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Monos 'Nightfall Sunshine' CD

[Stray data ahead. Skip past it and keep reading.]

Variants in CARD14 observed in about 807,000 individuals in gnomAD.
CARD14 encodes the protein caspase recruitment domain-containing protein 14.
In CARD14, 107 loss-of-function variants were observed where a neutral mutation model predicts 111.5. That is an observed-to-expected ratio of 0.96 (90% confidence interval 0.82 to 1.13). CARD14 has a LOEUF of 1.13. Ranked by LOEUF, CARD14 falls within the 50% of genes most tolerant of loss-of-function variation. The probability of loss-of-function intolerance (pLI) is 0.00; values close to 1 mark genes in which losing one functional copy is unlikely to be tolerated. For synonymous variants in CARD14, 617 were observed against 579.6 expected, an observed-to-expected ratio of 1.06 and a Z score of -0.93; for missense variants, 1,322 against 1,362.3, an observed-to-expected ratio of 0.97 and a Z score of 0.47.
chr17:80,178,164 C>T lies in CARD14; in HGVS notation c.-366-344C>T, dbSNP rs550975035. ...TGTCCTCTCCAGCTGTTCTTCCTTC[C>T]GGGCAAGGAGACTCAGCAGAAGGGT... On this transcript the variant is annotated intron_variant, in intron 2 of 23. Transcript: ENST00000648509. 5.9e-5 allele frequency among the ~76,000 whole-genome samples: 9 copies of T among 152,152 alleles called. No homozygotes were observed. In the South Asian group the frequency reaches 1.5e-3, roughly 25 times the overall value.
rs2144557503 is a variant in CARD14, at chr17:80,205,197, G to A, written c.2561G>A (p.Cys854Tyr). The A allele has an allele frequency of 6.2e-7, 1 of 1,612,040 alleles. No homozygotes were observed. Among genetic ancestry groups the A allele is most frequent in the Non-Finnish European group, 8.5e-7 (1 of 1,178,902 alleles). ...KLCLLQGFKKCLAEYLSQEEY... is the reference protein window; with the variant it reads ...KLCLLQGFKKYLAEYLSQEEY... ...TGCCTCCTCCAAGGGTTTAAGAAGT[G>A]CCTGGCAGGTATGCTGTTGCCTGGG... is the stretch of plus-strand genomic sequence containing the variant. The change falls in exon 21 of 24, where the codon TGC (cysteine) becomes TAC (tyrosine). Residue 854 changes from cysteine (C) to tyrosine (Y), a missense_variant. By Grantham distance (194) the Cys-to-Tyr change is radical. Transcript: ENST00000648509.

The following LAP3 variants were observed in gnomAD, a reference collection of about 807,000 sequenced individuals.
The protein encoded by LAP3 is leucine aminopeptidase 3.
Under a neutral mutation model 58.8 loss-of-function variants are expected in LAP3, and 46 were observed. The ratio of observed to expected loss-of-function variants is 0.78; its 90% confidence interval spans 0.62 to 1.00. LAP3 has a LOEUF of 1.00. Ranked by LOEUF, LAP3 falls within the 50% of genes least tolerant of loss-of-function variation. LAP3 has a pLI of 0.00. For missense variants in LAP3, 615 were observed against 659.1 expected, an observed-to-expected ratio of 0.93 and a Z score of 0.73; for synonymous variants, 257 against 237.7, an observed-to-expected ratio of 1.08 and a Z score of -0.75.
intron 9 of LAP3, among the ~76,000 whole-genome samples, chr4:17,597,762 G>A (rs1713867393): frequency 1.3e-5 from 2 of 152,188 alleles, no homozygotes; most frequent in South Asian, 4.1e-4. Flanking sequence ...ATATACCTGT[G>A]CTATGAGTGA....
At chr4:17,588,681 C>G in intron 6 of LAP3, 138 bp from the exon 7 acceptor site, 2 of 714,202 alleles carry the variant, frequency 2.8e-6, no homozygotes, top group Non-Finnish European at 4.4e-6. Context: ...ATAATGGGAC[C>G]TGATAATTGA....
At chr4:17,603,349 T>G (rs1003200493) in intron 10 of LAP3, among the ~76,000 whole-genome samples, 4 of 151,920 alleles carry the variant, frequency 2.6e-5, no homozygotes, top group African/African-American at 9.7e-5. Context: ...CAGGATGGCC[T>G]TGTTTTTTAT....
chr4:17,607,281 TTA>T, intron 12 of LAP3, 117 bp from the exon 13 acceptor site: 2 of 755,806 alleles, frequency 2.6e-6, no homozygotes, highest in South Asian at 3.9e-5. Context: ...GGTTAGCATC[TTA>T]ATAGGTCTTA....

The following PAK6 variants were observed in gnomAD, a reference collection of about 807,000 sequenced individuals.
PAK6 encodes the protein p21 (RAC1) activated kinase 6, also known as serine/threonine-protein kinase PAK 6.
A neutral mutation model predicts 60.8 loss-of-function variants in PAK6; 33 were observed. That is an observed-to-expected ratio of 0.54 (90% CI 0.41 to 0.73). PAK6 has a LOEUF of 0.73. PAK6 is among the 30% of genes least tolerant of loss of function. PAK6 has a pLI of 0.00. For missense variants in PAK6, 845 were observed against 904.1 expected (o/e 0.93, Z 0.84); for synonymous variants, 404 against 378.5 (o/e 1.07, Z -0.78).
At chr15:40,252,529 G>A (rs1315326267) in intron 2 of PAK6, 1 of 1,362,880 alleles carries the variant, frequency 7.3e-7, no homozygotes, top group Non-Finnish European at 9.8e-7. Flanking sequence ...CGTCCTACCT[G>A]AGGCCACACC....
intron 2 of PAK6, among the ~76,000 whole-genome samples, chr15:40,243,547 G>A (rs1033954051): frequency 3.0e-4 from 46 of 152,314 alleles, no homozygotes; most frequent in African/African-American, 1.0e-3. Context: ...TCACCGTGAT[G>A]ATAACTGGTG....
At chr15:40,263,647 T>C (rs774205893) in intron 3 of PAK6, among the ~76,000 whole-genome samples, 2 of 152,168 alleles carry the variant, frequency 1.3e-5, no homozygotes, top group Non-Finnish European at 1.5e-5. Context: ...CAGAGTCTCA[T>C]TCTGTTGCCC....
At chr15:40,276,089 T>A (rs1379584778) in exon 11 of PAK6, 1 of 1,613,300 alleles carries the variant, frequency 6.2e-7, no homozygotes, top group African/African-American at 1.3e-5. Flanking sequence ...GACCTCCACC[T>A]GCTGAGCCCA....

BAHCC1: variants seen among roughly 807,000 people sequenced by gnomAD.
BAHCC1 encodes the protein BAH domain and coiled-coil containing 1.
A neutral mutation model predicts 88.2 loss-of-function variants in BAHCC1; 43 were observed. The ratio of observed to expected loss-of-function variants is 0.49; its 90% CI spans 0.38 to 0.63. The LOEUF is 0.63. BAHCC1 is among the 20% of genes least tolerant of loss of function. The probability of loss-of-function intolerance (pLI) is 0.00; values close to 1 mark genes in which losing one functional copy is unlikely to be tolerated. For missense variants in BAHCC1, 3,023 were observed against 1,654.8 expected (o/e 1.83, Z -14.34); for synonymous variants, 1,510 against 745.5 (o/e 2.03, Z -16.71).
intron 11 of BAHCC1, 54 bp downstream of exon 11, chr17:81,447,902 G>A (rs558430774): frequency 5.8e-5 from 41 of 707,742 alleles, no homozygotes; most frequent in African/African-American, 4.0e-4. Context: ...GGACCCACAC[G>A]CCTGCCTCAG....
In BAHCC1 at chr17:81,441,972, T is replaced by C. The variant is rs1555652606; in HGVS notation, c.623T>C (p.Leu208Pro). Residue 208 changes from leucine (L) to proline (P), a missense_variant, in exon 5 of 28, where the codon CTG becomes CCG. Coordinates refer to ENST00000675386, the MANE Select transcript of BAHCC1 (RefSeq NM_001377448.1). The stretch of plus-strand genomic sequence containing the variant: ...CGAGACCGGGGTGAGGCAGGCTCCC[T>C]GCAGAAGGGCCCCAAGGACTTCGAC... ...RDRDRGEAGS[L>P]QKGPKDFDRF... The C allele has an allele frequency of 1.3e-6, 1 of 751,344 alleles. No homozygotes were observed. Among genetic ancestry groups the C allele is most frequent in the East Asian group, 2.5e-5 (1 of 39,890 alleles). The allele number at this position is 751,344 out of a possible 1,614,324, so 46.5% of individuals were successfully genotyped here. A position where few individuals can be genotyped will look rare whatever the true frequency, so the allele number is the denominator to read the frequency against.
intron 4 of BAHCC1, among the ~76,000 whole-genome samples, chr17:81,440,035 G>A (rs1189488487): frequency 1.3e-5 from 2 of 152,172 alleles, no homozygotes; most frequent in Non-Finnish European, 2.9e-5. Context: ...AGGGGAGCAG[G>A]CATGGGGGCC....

Review from : While I have been listening to Colin Potter's output (as part of other projects) for years and own a couple Monos releases already, I feel the latest full-length release is clearly a turning point for Darren Tate and Colin Potter as a duo. For years, the two, in various different combinations along with the usual suspects (Andrew Chalk, Jonathan Coleclough, and the circle which extends to Christoph Heemann) have been creating a seeminly endless stream of limited records of lengthy drones: anti-compositional in nature, exploiting sounds for super-extended periods of time. On this, Potter and Tate display a clear evolution in simply 'putting the pieces together,' and for five tracks incorporate the proverbial field recordings and drones with actual compositions, evolving sounds and musical movements gracefully both with and without various pulses keeping strict tempo from introduction through demise. Recorded in 2001, this disc opens with what has almost become a mainstay for these folks: a gradual fade in. The hum on "Intro" doesn't last long, however, as a number of other tones and pulses begin to make themselves heard. Quivering echoes and very, very (almost inaudibly) low undertones mainly propel the spacey "Moon Environment" while tinny pitch-bending, crackling (either leaf-rustling or a fire), and thumping analog synth bass sounds make for a hypnotic aural feast on "Brittle." Unsurprisingly, the purveying visual images I get from this album is a very, very bright night lit by an amazingly large moon. It's the point where night vision takes over and the shadows come alive. The scene could be a forest or a field, relatively close to civilization, but grand enough to seem untouched by modern man. Thankfully nearly all of these pieces end somewhere relatively close to the ten-minute mark, despite the almost unnatural fade of each. There is more, and while I generally dislike fadeouts, I'm somewhat relieved these things don't go on forever. 'Nightfall Sunshine' ends with a marvelous ten-minute piece, "Sunrise," with bird recordings, a subtle synth melody, what sounds like the shivering wiggle of an Arp and the warm drone of an organ. It is the end of the night, the rise to the next day, as animals wake and we, the humans, need to return to reality.

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